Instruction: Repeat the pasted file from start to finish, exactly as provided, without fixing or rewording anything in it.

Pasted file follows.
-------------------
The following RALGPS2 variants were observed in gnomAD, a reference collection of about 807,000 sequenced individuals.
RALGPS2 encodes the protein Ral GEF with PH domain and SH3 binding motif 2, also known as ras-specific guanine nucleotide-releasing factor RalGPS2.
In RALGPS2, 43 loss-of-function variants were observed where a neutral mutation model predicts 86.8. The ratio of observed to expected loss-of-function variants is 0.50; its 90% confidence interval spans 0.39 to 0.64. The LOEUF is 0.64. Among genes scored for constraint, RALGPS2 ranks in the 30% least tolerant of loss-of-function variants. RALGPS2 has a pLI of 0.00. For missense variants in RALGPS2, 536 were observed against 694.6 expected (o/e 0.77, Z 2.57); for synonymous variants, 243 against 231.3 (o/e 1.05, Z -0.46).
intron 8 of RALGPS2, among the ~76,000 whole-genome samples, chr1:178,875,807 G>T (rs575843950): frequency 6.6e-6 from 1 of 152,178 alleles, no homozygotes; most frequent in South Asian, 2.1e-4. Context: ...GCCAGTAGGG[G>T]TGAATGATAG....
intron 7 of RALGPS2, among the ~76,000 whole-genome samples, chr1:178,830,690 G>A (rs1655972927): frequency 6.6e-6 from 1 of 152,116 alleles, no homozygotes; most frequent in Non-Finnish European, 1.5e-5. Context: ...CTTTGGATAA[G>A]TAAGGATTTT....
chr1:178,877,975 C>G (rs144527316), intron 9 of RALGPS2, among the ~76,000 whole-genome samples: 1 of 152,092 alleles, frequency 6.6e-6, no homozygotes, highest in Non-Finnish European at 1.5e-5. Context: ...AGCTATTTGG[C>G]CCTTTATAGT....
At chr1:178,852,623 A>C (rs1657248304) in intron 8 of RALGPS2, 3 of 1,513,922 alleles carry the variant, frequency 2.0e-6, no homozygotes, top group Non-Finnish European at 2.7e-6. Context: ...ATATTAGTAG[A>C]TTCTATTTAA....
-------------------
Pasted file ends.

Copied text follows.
The following RALGPS2 variants were observed in gnomAD, a reference collection of about 807,000 sequenced individuals.
RALGPS2 encodes the protein Ral GEF with PH domain and SH3 binding motif 2, also known as ras-specific guanine nucleotide-releasing factor RalGPS2.
In RALGPS2, 43 loss-of-function variants were observed where a neutral mutation model predicts 86.8. The ratio of observed to expected loss-of-function variants is 0.50; its 90% confidence interval spans 0.39 to 0.64. The LOEUF is 0.64. Among genes scored for constraint, RALGPS2 ranks in the 30% least tolerant of loss-of-function variants. RALGPS2 has a pLI of 0.00. For missense variants in RALGPS2, 536 were observed against 694.6 expected (o/e 0.77, Z 2.57); for synonymous variants, 243 against 231.3 (o/e 1.05, Z -0.46).
intron 8 of RALGPS2, among the ~76,000 whole-genome samples, chr1:178,875,807 G>T (rs575843950): frequency 6.6e-6 from 1 of 152,178 alleles, no homozygotes; most frequent in South Asian, 2.1e-4. Context: ...GCCAGTAGGG[G>T]TGAATGATAG....
intron 7 of RALGPS2, among the ~76,000 whole-genome samples, chr1:178,830,690 G>A (rs1655972927): frequency 6.6e-6 from 1 of 152,116 alleles, no homozygotes; most frequent in Non-Finnish European, 1.5e-5. Context: ...CTTTGGATAA[G>A]TAAGGATTTT....
chr1:178,877,975 C>G (rs144527316), intron 9 of RALGPS2, among the ~76,000 whole-genome samples: 1 of 152,092 alleles, frequency 6.6e-6, no homozygotes, highest in Non-Finnish European at 1.5e-5. Context: ...AGCTATTTGG[C>G]CCTTTATAGT....
At chr1:178,852,623 A>C (rs1657248304) in intron 8 of RALGPS2, 3 of 1,513,922 alleles carry the variant, frequency 2.0e-6, no homozygotes, top group Non-Finnish European at 2.7e-6. Context: ...ATATTAGTAG[A>C]TTCTATTTAA....